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Farewell to the Dordogne

semi-overcast 20 °C

Religion played a significant role in French daily life in the past and churches and monasteries were often built with fortifications in case the 'neighbours from hell' came calling. The cistercian abbey of Cadouin was begun exactly 900 years ago in 1119 and suffered badly during the religious wars in the 13th and 14th centuries. The abbey is on the El Camino to Santiago de Compostela because a cloth said to be the facecloth from Jesus's tomb was kept there from 1214. These are the cloisters where millions of devout pilgrims assembled to view this precious relic for more than 700 years...


Unfortunately for the abbot's money box, in 1924 some smart-ass scholar realized that the wording on the cloth was actually Islamic and had nothing to do with Christ. (Although the pilgrims still come).
The builders of the monastery and church in Rocamadour, another stop on the Camino, took defences to new heights when they built high up on the cliffs above a steep gorge...


The church, several chapels and various monastic buildings cling precariously to the rock face and appear only to survive through the grace of God and the spiritual power of the Black Virgin whose statue is worshipped here...


Luckily for us an elevator and a funicular transported us to the top otherwise we would have had to follow the pilgrims up several giant staircases from the pretty medieval village in the valley below...


Our time in the Dordogne has come to an end and we are now headed north to Orleans and the Loire Valley to visit the chateaus of the Bourbon kings. We are leaving behind a land steeped in history where we have walked in the footsteps of cro-magnon people: humans, not dissimilar to ourselves, who left their paintings and marks in Lascaux Cave never thinking that we would be marvelling at their skills twenty thousand years later. The Dordogne area is riven with caves: many containing the the artworks of ancient man and many that have been occupied by troglodytes for thousands of years. Here in the steep cliff face above the riverside village of Laroque-Gageac it is possible to see the cave houses that once protected the villagers from war and marauding animals...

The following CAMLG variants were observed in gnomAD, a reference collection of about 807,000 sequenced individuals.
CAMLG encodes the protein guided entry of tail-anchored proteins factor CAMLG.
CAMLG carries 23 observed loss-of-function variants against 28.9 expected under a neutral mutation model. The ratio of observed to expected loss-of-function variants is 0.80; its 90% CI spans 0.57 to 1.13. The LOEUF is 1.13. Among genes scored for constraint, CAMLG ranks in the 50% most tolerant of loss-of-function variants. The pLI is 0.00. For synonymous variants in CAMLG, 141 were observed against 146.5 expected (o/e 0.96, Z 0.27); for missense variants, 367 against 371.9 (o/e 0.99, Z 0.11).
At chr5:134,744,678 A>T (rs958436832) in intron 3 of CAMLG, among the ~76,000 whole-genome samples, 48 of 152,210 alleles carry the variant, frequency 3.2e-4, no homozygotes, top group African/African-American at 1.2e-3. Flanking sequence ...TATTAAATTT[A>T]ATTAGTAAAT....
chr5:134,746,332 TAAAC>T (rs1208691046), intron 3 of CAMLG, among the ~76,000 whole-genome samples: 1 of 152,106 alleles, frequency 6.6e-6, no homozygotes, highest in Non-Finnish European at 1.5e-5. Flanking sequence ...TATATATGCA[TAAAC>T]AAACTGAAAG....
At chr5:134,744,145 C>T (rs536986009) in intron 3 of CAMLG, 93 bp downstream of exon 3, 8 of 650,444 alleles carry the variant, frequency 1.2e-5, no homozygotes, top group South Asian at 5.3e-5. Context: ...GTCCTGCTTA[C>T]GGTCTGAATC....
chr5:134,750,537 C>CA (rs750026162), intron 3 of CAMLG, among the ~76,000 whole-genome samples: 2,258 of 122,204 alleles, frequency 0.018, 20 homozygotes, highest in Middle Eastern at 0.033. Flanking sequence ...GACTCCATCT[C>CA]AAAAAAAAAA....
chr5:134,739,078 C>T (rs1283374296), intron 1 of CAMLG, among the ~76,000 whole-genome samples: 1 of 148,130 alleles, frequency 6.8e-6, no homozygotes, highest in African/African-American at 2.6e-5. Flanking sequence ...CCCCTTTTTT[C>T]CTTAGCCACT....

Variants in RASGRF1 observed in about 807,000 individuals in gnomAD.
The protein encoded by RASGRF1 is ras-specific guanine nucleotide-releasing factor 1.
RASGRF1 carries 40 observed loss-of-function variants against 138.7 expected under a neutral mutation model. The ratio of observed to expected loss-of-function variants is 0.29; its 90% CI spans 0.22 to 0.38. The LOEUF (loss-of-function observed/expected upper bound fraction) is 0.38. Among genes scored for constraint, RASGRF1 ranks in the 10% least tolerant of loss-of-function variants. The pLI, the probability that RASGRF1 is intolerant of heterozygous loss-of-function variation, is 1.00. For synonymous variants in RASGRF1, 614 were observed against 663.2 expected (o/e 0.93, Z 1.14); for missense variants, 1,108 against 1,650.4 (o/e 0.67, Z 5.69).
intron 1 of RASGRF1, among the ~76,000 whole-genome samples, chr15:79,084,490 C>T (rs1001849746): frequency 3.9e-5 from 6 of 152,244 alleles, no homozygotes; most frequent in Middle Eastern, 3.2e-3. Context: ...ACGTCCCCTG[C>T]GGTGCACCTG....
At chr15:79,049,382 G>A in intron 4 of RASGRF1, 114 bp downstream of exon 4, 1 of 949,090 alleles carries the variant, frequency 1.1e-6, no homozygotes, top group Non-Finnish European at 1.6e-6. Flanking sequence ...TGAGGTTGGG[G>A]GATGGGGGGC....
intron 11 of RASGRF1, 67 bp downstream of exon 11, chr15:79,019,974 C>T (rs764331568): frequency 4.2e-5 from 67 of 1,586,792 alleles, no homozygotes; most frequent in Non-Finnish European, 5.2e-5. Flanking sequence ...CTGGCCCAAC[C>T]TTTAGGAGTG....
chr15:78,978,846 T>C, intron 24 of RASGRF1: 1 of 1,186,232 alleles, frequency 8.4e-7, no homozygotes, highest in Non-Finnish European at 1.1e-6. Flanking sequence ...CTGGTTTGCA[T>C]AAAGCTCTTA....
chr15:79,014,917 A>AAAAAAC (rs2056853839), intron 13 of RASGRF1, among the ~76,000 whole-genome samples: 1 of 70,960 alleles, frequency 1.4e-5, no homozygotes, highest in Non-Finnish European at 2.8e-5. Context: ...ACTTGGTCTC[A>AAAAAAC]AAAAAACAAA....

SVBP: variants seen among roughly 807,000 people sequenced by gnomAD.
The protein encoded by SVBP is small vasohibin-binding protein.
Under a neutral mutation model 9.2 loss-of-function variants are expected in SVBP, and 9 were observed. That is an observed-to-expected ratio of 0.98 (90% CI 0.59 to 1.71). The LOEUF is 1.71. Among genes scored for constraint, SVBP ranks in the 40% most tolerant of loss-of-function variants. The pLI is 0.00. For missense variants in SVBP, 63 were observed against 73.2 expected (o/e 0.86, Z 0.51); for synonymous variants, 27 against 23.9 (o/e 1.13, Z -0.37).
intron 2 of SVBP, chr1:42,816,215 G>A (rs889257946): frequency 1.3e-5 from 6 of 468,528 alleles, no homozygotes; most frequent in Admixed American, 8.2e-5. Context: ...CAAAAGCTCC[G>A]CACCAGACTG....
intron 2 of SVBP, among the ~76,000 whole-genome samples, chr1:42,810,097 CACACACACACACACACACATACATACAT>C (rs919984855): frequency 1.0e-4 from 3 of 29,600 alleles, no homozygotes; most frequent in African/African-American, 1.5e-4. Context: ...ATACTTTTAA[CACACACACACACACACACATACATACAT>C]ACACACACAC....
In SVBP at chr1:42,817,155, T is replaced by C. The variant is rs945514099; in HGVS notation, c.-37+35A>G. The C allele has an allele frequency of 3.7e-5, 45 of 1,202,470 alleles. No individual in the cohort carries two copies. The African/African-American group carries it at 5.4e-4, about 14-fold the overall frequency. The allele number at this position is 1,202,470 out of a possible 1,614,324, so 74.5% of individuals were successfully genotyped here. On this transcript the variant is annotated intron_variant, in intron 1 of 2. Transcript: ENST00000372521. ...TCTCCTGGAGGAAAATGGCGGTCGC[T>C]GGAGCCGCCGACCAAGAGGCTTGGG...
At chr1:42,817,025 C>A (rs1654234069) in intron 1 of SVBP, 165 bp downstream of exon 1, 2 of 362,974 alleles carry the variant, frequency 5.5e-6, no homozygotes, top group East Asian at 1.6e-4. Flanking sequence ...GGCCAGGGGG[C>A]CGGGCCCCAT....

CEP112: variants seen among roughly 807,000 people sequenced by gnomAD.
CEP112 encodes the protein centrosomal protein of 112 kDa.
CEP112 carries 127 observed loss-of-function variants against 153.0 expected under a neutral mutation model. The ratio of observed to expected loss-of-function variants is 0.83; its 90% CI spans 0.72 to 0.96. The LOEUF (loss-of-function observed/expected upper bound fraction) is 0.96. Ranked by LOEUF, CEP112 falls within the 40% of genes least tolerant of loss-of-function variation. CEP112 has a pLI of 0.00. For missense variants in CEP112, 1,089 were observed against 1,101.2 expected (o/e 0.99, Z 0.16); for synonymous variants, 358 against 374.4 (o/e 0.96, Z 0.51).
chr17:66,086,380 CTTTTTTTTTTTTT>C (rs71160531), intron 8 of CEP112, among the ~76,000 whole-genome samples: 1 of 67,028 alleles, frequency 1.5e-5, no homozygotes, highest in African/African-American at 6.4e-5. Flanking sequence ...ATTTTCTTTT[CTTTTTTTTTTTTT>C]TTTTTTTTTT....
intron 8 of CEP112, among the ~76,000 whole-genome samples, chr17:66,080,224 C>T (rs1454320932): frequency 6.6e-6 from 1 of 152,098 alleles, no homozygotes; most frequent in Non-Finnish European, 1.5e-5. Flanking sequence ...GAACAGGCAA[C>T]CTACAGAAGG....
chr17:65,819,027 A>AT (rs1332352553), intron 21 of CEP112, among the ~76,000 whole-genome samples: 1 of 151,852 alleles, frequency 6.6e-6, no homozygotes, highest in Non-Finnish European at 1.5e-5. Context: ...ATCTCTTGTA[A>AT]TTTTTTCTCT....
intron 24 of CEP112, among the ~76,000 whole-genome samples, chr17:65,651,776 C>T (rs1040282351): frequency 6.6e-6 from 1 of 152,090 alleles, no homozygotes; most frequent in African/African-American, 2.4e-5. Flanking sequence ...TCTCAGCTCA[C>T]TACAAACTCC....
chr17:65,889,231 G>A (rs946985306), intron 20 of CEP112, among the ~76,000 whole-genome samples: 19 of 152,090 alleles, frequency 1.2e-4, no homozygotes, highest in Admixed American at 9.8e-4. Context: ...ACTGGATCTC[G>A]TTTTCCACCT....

The medieval houses that are strung along the riverside under the cliffs seem to be in peril of rock slides but they have survived for hundreds of years...


The river, the houses and the cave pocked cliffs at Laroque-Gageac create a postcard scene...


But there are also many caves that have remained completely hidden from time immemorial and have only been discovered by luck. The most famous painted caves at Lascaux were only discovered in 1940 because a teenager's dog chased a rabbit down a small hole in the hillside. Les grottes de Maxange were unearthed by a local quarryman just a few years ago when he was blasting the cliff face and he unearthed one of the most spectacular cave systems we have ever seen. Because of the unique conditions within the limestone cliffs near Cadouin the calcite stalactites and stalagmites have grown in all directions – they are known as eccentrics...


There are millions of these incredibly beautiful eccentrics, and probably millions more in parts of the caves yet to be explored, and it is difficult to believe that nature created them over hundreds of thousands of years. Many of them look more like artistic glass creations of Chihuly...


There is still much to see and do in the Dordogne but on we must go – maybe next time. Tomorrow, one of the most magnificent chateaus in France – Le Château Chambord.

Posted by Hawkson 09:19 Archived in France

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The world is so full of beautiful things, that we should all be as happy as kings. (from my autograph book in Grade 5)....You seem to be finding so many of them!

by Joyce

A very satisfying destination on all accounts. Thank you.

by Sue Fitzwilson

This is an extraordinary place. Dangerous and beautiful.

by Janet

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